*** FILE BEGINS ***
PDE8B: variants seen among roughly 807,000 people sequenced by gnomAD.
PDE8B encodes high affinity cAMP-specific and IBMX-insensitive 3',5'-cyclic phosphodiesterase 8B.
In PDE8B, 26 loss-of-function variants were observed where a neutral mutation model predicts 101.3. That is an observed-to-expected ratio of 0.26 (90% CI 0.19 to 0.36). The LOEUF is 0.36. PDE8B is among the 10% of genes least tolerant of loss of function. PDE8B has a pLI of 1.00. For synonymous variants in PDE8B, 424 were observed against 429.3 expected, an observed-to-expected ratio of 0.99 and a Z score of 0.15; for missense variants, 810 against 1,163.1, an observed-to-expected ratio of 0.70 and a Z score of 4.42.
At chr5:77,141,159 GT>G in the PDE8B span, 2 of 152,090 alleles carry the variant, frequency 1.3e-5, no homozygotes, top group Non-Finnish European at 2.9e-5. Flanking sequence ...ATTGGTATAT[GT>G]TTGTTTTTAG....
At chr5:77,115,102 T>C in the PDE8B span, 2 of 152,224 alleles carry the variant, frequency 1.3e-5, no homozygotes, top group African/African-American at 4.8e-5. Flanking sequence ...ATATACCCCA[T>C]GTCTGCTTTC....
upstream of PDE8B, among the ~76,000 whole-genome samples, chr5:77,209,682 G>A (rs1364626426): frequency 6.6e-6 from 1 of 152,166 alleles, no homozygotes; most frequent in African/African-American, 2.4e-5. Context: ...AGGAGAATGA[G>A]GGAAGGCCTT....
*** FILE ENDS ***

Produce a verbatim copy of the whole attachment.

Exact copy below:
PDE8B: variants seen among roughly 807,000 people sequenced by gnomAD.
PDE8B encodes high affinity cAMP-specific and IBMX-insensitive 3',5'-cyclic phosphodiesterase 8B.
In PDE8B, 26 loss-of-function variants were observed where a neutral mutation model predicts 101.3. That is an observed-to-expected ratio of 0.26 (90% CI 0.19 to 0.36). The LOEUF is 0.36. PDE8B is among the 10% of genes least tolerant of loss of function. PDE8B has a pLI of 1.00. For synonymous variants in PDE8B, 424 were observed against 429.3 expected, an observed-to-expected ratio of 0.99 and a Z score of 0.15; for missense variants, 810 against 1,163.1, an observed-to-expected ratio of 0.70 and a Z score of 4.42.
At chr5:77,141,159 GT>G in the PDE8B span, 2 of 152,090 alleles carry the variant, frequency 1.3e-5, no homozygotes, top group Non-Finnish European at 2.9e-5. Flanking sequence ...ATTGGTATAT[GT>G]TTGTTTTTAG....
At chr5:77,115,102 T>C in the PDE8B span, 2 of 152,224 alleles carry the variant, frequency 1.3e-5, no homozygotes, top group African/African-American at 4.8e-5. Flanking sequence ...ATATACCCCA[T>C]GTCTGCTTTC....
upstream of PDE8B, among the ~76,000 whole-genome samples, chr5:77,209,682 G>A (rs1364626426): frequency 6.6e-6 from 1 of 152,166 alleles, no homozygotes; most frequent in African/African-American, 2.4e-5. Context: ...AGGAGAATGA[G>A]GGAAGGCCTT....